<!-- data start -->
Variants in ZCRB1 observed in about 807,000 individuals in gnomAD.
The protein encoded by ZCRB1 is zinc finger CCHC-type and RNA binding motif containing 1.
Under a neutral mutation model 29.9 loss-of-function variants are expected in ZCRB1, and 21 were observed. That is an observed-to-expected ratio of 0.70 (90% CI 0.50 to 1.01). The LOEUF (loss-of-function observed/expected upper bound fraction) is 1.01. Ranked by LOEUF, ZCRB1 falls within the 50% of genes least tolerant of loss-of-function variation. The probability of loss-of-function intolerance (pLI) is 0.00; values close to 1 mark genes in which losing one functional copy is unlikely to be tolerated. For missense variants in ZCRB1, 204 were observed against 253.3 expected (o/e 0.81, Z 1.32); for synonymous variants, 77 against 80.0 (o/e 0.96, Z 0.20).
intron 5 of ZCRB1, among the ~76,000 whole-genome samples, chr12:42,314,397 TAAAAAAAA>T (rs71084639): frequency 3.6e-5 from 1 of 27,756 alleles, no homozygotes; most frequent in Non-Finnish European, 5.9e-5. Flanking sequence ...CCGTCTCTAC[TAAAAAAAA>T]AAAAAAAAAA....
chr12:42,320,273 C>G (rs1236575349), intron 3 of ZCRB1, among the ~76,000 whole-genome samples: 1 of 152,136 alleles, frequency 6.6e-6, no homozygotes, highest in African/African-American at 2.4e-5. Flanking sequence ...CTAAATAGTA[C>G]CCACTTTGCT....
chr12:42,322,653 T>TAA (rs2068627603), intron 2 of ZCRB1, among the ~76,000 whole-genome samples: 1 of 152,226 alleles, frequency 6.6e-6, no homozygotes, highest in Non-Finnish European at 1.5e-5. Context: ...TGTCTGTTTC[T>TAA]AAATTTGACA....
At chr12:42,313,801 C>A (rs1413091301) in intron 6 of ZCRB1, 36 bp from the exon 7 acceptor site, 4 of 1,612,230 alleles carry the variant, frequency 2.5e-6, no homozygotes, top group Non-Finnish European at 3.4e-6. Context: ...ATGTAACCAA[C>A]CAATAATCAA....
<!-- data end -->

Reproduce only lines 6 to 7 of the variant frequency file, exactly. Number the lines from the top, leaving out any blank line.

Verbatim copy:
chr12:42,322,653 T>TAA (rs2068627603), intron 2 of ZCRB1, among the ~76,000 whole-genome samples: 1 of 152,226 alleles, frequency 6.6e-6, no homozygotes, highest in Non-Finnish European at 1.5e-5. Context: ...TGTCTGTTTC[T>TAA]AAATTTGACA....
At chr12:42,313,801 C>A (rs1413091301) in intron 6 of ZCRB1, 36 bp from the exon 7 acceptor site, 4 of 1,612,230 alleles carry the variant, frequency 2.5e-6, no homozygotes, top group Non-Finnish European at 3.4e-6. Context: ...ATGTAACCAA[C>A]CAATAATCAA....